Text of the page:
BOSTON – The struggles of the MBTA public transportation system in Boston this year has been no secret to anyone even remotely tied to the city. Just last night, the MBTA's Fiscal and Management Control Board, as well as the directors who operate the Department of Transportation (MassDOT), revealed that a broken axle was the reason why the system's red line train derailed back in June. With problems like these at the forefront of the MBTA's failures, it is no wonder why ingenious, long-term solutions tend to be pushed aside in favor of immediate improvements.

In the years since the Ted Williams Tunnel was officially opened, there has been an emergency ramp that led from South Boston Haul Road to I-90. However, this ramp has only been open to police vehicles, ambulances, and other such emergency-based cars and trucks. Residents have clamored for the ramp to be opened up for public access for years, as they believed that it would result in a major clearing of traffic and an immense reduction in travel time, especially for commuters or travelers who had to find their way from the downtown region of Boston to Logan Airport.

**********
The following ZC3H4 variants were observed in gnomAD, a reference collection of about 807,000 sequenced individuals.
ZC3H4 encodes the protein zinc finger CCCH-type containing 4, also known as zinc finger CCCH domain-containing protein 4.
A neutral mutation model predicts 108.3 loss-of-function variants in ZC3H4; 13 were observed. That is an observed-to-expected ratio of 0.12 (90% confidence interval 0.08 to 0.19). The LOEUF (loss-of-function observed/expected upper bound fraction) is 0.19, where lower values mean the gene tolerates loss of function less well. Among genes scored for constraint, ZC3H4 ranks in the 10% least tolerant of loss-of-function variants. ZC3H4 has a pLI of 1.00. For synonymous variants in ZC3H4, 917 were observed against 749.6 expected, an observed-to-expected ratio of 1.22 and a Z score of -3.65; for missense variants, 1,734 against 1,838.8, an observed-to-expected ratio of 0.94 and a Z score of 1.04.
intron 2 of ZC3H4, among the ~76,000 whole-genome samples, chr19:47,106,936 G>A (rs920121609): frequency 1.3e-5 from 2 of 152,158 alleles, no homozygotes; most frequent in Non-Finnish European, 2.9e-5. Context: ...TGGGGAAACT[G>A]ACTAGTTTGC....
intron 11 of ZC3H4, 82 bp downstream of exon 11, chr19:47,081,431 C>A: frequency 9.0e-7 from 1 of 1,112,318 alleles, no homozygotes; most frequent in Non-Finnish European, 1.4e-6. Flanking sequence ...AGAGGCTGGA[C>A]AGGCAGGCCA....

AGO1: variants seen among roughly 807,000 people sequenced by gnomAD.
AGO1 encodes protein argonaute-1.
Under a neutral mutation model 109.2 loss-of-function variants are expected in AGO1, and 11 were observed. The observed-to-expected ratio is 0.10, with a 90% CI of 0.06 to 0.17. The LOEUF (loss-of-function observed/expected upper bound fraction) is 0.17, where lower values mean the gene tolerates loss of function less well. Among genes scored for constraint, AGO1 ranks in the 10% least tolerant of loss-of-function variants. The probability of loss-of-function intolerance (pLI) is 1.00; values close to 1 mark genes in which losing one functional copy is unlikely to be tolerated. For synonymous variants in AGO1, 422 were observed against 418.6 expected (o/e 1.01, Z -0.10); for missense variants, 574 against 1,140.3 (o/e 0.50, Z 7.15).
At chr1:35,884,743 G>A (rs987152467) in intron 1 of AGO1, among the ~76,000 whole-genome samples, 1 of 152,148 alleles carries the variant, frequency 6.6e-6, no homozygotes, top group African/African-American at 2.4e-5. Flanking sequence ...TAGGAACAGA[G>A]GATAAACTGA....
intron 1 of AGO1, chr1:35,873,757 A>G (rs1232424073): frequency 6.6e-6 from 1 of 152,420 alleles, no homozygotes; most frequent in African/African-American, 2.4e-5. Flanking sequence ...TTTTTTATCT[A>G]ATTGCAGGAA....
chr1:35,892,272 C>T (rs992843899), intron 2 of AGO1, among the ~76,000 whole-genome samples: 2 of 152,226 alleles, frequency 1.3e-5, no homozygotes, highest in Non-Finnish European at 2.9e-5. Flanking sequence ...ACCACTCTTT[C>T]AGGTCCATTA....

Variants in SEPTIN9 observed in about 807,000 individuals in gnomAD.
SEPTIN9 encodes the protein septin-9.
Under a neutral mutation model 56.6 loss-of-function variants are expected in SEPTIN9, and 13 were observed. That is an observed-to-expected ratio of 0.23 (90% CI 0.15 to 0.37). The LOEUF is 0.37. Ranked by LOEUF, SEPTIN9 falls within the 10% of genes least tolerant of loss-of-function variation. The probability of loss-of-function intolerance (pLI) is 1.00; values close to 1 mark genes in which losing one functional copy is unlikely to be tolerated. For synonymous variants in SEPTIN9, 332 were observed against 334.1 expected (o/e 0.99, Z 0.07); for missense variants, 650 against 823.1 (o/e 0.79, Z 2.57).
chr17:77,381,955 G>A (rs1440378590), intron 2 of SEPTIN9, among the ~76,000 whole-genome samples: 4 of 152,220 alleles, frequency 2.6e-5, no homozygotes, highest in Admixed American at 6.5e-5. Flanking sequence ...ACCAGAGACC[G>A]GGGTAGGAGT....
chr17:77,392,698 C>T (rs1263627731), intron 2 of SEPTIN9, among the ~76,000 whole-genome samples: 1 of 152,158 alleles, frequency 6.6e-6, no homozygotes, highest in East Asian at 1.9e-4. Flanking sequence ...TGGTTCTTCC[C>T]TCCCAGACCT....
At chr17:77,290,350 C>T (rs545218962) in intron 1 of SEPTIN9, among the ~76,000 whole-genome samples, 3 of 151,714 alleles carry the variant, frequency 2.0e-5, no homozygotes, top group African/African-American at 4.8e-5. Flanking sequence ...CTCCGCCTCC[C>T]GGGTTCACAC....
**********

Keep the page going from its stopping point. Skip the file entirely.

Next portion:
MassDOT officials were initially against the opening of the Silver Line ramp, but back in August they finally agreed to test the idea of opening the ramp with the key factor of safety in mind. Now, we have finally been able to see the results of this testing period, which extended from August 29 to August 31, as the #FreetheRamp campaign has reached a favorable conclusion from state officials.

The test was said to have resulted in a max saving of 17 minutes in travel time and, with safety still treated as a paramount pillar of importance, the use of this ramp was approved by the Control Board. Per the MBTA recommendation, the Silver Line ramp should be opened to all vehicles permanently.

This would be a major win for all those who are anti-traffic in Massachusetts.

Image via Wikimedia Commons / JosephBarillari